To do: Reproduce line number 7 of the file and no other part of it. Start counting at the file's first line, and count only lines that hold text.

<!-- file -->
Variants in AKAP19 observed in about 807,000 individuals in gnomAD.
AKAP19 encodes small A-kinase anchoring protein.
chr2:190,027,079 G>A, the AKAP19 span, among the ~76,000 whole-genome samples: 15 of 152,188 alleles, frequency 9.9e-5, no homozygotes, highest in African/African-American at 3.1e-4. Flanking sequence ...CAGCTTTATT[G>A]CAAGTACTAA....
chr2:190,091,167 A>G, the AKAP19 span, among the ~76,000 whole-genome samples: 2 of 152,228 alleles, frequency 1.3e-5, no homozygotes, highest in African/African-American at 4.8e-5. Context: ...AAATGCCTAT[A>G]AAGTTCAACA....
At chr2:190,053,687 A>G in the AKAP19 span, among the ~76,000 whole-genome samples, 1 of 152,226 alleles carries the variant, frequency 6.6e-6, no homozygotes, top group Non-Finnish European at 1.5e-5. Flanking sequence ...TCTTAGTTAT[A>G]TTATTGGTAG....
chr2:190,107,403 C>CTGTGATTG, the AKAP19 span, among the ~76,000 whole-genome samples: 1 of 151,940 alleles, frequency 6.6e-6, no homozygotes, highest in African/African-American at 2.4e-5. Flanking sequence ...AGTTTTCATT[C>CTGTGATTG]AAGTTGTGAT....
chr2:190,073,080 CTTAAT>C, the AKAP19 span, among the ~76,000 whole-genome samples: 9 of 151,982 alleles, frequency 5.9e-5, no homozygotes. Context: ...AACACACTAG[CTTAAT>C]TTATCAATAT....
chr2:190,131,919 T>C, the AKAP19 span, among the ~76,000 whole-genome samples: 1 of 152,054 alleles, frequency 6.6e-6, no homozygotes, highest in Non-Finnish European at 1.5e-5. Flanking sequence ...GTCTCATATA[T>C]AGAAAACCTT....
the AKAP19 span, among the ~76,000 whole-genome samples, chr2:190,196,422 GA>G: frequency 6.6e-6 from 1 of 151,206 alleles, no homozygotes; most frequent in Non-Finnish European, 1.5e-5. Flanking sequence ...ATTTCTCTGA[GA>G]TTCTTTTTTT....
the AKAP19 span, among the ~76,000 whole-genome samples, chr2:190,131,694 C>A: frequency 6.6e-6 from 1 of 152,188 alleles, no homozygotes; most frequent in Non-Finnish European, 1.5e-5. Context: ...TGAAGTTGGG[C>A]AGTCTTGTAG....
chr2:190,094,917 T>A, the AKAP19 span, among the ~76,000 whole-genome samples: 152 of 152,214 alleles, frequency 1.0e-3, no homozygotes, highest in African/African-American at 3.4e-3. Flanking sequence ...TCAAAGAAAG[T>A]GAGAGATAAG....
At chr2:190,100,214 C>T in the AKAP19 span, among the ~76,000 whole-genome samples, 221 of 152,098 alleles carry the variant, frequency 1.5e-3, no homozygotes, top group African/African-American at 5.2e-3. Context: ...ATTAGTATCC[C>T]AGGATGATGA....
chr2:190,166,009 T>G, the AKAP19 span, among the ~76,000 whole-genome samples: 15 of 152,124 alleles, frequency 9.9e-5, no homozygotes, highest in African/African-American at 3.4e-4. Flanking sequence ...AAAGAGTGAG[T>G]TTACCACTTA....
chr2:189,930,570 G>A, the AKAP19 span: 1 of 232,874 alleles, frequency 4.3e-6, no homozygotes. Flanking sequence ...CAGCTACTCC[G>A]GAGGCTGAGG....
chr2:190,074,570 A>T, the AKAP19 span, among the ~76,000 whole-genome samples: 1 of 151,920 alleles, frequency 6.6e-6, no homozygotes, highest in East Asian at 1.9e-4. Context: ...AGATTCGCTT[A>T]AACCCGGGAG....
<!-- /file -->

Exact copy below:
chr2:190,073,080 CTTAAT>C, the AKAP19 span, among the ~76,000 whole-genome samples: 9 of 151,982 alleles, frequency 5.9e-5, no homozygotes. Context: ...AACACACTAG[CTTAAT>C]TTATCAATAT....